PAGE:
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Friday, 11 December 2015


By: Cindy-Lou DaleThe secret of Belgium's capital city, Brussels, is to go with the flow and allow yourself to become part of its charming everyday life.
Having previously been ruled by Spain, the Netherlands and France, Belgium is one of those countries that finds it easier to describe itself by what it is not: it's not French, nor is it Dutch, nor German. Belgium is a country with an identity crisis, in the most positive sense of the word, as its population speaks French, Dutch, German, Arabic, and even English, due to a large segment of expat foreigners. With all the variety, Brussels takes the mix in stride and pulls everything together into an offbeat, almost bizarre sense of place.
With this cultural diversity it's no wonder that Brussels has seized the new century with a fresh vigor, leaving other European cities wondering who stole their tourists. One source of the tourism influx is Belgium's fashion market, while other European cities rested on their laurels, Belgium became a might in style, surpassing France, while the buzzing sidewalk café scene has outmatched that of Paris.
Eating in Brussels
The capital's restaurants rival those of Paris and London - both in value and excellence. While it's not an inexpensive city for dining, it has high standards, and restaurants that fall short of the mark simply close.
Mussels and chips is the classic dish and can be found in nearly all Belgian restaurants. However, certain districts of Brussels specialize in specific food: Ixelles has excellent Thai, African and Italian bistros, mainly around St-Boniface church. Place du Grand Sablon has an abundance of these restaurants, although they are a little more pricy.
Drinking in Brussels is a national pastime. The Grand' Place is lined with terrace bars, full of life in the summer. Le Roi d'Espagne has the most ambiance, and Place St-Géry has designer bar terraces with oodles of mood, and the timeless art deco bar of L'Archiduc, which is claimed to remain open until dawn.
Shopping in BrusselsThe main pedestrian drag, rue Neuve, is full of soulless chain stores selling clothes and shoes. Inno is a big department store, and the City 2 shopping mall has a number of shops, the highlight of which is the impressive Fnac music and bookshop on the top level.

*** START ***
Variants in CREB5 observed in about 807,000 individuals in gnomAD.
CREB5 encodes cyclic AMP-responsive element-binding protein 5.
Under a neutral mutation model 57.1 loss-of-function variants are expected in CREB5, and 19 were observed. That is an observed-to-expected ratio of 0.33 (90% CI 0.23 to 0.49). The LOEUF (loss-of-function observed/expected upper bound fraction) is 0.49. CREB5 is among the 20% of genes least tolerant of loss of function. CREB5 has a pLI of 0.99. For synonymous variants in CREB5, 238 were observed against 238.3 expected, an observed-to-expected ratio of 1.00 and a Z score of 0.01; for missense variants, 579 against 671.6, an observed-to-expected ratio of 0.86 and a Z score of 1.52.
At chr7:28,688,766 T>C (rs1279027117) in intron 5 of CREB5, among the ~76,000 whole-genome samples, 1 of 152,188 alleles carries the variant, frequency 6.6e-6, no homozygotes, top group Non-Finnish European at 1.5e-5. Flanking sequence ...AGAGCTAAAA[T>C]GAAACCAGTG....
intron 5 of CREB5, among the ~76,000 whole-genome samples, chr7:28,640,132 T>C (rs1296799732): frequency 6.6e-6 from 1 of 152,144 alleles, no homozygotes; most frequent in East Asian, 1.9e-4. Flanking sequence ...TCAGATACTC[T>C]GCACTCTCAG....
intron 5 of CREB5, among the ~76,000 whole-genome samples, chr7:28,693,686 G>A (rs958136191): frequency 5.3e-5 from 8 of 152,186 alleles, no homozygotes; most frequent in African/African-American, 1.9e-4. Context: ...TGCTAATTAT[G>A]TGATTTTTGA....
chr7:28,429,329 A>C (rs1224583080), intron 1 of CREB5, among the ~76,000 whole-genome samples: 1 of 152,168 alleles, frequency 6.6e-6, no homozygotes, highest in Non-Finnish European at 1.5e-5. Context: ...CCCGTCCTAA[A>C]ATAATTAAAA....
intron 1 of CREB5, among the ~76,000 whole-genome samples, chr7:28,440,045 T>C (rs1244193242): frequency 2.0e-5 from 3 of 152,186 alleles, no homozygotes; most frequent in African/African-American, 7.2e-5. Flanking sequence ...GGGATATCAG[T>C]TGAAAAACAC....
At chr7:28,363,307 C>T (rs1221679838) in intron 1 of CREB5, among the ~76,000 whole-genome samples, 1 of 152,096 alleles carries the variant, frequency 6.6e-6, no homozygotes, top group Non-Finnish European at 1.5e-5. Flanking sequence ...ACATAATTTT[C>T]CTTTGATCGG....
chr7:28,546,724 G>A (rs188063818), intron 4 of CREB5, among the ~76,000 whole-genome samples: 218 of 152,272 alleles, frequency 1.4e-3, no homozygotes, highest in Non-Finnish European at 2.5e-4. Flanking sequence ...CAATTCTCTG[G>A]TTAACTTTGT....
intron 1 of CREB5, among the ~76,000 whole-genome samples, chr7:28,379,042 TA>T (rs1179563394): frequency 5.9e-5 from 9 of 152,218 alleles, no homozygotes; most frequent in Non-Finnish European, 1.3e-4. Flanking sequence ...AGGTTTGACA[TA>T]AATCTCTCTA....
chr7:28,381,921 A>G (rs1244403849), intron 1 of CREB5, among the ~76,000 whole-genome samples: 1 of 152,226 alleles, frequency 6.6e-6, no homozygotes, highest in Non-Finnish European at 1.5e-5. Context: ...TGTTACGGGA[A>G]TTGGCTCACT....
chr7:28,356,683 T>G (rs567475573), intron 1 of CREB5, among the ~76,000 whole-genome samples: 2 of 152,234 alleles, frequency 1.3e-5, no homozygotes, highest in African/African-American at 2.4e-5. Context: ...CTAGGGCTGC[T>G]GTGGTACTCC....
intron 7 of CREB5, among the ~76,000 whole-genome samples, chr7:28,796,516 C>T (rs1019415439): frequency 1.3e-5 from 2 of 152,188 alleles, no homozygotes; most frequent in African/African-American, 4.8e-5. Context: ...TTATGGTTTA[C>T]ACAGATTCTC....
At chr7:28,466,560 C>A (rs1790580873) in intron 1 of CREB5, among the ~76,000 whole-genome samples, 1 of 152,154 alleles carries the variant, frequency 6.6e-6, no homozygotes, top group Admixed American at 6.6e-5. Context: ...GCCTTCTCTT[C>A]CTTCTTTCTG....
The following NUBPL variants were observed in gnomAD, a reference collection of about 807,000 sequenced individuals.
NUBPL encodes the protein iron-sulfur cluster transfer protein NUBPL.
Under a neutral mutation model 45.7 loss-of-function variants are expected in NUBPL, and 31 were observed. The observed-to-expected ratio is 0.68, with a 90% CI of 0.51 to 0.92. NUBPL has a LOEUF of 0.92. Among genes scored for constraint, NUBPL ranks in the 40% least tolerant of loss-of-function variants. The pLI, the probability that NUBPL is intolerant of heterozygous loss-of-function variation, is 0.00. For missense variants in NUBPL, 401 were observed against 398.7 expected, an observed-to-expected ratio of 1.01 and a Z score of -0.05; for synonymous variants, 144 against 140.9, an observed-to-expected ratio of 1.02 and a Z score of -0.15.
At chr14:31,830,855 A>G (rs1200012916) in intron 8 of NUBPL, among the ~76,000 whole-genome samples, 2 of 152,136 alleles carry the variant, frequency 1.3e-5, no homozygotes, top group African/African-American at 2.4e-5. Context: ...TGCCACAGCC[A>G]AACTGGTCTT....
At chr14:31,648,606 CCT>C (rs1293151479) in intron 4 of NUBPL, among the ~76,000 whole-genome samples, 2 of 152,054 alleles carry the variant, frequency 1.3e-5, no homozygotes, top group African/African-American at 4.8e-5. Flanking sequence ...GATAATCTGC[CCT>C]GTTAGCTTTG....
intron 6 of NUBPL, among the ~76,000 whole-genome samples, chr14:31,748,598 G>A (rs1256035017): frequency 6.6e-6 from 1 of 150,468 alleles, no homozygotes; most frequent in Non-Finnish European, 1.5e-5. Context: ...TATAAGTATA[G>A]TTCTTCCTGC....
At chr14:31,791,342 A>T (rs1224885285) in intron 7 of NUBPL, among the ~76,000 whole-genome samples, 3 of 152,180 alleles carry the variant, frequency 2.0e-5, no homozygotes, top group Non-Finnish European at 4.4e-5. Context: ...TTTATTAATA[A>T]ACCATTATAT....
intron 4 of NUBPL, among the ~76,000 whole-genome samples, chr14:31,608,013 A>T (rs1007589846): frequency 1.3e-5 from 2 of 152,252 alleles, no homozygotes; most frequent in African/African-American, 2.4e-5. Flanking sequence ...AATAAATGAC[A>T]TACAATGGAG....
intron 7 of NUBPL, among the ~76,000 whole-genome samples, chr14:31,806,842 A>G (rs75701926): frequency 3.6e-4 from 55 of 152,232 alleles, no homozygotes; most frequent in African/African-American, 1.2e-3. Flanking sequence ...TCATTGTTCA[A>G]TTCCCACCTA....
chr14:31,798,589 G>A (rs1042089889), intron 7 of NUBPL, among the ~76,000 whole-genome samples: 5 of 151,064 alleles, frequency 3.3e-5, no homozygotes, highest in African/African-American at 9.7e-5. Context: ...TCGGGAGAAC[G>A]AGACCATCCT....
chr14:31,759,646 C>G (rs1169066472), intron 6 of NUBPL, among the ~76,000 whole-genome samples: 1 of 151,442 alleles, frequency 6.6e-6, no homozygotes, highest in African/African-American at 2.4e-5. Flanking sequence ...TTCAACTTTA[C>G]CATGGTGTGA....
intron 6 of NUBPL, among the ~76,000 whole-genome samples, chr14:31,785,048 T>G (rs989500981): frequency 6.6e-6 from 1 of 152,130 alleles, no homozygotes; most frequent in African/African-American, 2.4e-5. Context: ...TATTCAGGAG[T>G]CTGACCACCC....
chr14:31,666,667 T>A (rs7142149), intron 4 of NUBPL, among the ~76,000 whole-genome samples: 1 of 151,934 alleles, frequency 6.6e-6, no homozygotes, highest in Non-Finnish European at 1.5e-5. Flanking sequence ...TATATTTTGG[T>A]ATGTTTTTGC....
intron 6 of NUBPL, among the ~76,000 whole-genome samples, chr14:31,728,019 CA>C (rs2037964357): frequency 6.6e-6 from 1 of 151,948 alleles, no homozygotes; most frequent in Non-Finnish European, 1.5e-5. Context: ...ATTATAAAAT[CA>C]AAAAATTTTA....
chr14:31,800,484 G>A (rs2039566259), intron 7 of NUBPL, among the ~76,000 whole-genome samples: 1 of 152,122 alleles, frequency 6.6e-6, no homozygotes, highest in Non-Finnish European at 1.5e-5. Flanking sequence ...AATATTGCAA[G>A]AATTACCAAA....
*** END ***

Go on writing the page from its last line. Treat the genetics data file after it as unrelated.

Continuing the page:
Escape the shopping malls and try something more idiosyncratic, like the shabby area between Boulevard Lemonnier and the Grand' Place, where you'll find second-hand book shops and music and clothing stores. Off the Grand' Place is the Galeries St-Hubert, filled with designer boutiques and quirky sidewalk cafés.
Sightseeing in Brussels
The lower city is centered around the superbly ornate Grand' Place, considered by many as the most beautiful medieval square in all of Europe, with its elegant 17th century guild houses and narrow, atmospheric lanes leading off. In the summer, it hosts daily flower markets, often accompanied by concerts. Nearby, St-Géry flourishes with stylish bars contained in an old, covered market on Place St-Géry. The cafés, restaurants and nightspots buzz in the summer months, as does St-Catherine, a canopied terrace lined with seafood restaurants. Immediately south of Grand' Place, amid the grimy old stores in rue de l'Etuve, is the symbol of Brussels, the little statue of the urinating rascal â?? Mannekin-Pis.
Further south in the earthy Marolles quarter, rue Haute hosts the daily flea market at Place du Jeu de Balle. Throughout the lower town are murals of Belgium's comic-strip heroes like Tintin.
The upper town boasts dramatic architecture and parks, with a string of grand names along its Boulevard. The Royal Quarter overshadows everything else with the palace and the fountained Parc de Bruxelles leading through to the Belgian Parliament. The Fine Arts Museum boasts old masters like Bruegel, Rubens, Magritte, Delvaux and Monet.
A short tram ride from Brussels Montgomery to Tervuren takes you through several parks and the beautiful Ambassadorial district. Tervuren is home to the African Art Museum and Léopold II's spectacular monuments and parks.

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